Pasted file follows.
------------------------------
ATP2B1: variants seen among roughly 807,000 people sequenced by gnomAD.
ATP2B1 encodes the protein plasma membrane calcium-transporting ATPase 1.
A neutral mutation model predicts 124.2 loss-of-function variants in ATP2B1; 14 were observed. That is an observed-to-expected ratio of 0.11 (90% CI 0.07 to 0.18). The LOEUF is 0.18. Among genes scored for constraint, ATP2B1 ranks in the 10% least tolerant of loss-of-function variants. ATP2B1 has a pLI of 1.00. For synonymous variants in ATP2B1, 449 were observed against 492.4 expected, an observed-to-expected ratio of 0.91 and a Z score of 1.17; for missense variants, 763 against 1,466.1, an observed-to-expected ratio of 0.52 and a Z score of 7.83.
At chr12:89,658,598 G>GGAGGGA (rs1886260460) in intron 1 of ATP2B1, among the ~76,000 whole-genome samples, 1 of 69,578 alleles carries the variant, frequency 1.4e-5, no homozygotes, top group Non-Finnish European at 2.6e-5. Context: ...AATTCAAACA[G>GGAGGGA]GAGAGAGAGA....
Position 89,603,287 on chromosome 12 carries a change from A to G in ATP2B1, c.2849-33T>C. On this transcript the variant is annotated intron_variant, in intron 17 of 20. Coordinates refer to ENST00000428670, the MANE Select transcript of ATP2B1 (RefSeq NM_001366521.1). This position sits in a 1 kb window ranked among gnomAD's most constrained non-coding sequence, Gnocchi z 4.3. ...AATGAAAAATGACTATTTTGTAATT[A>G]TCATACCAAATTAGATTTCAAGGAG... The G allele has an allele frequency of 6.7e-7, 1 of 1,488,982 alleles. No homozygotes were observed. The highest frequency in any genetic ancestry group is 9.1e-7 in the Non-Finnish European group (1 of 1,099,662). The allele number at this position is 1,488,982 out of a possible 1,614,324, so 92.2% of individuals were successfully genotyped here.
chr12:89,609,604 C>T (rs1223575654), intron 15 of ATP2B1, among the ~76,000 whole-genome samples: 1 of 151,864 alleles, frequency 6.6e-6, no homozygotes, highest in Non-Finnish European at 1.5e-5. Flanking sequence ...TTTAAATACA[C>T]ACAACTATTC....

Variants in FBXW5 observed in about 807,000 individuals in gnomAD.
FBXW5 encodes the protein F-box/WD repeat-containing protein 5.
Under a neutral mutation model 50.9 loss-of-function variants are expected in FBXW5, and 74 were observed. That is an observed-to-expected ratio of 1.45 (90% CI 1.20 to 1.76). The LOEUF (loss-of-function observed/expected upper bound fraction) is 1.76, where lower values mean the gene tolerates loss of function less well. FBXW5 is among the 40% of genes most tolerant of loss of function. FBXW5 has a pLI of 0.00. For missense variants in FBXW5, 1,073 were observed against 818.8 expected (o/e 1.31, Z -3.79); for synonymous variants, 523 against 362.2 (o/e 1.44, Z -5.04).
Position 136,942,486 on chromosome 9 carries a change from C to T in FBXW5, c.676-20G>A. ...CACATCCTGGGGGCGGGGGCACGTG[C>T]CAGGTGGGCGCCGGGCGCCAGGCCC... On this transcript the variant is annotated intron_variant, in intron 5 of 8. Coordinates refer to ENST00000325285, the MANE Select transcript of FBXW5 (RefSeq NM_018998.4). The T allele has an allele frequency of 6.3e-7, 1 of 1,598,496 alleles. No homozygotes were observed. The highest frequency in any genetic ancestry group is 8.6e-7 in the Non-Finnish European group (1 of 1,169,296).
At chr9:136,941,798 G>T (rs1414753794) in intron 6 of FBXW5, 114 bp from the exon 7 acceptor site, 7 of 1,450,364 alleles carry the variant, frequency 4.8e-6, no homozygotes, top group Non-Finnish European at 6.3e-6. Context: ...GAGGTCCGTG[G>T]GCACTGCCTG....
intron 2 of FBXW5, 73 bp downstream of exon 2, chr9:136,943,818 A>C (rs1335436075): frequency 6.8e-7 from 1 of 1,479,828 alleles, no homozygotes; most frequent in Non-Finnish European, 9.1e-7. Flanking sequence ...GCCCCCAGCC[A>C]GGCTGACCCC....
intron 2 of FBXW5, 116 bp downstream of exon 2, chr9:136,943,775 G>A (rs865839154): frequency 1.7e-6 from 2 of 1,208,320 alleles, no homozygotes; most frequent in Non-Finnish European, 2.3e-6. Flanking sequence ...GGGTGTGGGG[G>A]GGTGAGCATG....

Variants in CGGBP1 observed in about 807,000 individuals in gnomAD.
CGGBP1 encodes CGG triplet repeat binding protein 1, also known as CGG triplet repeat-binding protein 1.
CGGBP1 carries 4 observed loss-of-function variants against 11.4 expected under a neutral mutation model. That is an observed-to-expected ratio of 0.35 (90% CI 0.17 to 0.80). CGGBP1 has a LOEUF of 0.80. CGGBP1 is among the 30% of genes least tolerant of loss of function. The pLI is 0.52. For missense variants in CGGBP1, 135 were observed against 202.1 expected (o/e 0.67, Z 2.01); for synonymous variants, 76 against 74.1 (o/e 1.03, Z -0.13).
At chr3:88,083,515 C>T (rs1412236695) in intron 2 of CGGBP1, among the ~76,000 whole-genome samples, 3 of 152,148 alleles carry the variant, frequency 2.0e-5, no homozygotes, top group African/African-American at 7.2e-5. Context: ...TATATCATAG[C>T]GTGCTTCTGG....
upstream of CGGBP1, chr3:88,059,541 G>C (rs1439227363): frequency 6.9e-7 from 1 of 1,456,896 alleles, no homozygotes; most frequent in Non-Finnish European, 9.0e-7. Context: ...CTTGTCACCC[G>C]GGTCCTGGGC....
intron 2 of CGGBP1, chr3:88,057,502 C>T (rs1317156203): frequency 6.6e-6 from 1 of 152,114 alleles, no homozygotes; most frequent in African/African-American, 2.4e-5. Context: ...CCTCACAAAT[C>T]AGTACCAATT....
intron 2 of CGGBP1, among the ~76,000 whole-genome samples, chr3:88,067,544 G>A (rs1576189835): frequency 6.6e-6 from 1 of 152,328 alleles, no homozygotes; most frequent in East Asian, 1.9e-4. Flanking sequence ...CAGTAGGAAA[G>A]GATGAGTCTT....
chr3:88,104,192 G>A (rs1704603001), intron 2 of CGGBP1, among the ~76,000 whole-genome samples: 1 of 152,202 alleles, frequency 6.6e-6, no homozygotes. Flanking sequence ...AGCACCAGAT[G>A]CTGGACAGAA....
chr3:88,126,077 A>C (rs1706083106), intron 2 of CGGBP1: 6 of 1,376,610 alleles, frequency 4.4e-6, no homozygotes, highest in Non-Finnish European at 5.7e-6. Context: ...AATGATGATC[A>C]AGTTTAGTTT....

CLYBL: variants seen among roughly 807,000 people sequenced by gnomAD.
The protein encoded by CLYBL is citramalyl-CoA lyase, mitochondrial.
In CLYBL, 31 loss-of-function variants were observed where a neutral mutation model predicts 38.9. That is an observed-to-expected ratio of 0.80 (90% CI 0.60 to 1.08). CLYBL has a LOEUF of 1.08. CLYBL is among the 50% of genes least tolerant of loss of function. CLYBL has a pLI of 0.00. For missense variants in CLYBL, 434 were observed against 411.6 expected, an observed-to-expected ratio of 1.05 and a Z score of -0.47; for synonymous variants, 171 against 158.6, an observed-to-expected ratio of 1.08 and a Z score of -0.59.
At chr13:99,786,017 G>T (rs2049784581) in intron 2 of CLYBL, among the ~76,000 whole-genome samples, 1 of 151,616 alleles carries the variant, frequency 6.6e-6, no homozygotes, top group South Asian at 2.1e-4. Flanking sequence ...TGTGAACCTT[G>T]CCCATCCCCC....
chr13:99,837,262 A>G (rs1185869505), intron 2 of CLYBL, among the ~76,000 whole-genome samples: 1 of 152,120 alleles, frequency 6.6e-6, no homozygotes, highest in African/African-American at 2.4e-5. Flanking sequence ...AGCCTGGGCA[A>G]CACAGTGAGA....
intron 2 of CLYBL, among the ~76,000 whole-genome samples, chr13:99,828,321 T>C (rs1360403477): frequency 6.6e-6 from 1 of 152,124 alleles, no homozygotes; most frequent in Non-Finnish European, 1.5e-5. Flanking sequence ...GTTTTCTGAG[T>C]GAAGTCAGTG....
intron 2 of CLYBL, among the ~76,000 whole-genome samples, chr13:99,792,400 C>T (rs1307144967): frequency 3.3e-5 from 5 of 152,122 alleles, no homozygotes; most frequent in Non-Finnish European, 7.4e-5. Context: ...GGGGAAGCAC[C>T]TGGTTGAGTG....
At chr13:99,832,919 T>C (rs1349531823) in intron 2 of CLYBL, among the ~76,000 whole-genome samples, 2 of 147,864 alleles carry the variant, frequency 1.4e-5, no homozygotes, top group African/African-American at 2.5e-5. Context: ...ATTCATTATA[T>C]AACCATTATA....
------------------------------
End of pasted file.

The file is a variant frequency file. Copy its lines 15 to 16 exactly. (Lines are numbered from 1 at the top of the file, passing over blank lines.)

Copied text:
CGGBP1 encodes CGG triplet repeat binding protein 1, also known as CGG triplet repeat-binding protein 1.
CGGBP1 carries 4 observed loss-of-function variants against 11.4 expected under a neutral mutation model. That is an observed-to-expected ratio of 0.35 (90% CI 0.17 to 0.80). CGGBP1 has a LOEUF of 0.80. CGGBP1 is among the 30% of genes least tolerant of loss of function. The pLI is 0.52. For missense variants in CGGBP1, 135 were observed against 202.1 expected (o/e 0.67, Z 2.01); for synonymous variants, 76 against 74.1 (o/e 1.03, Z -0.13).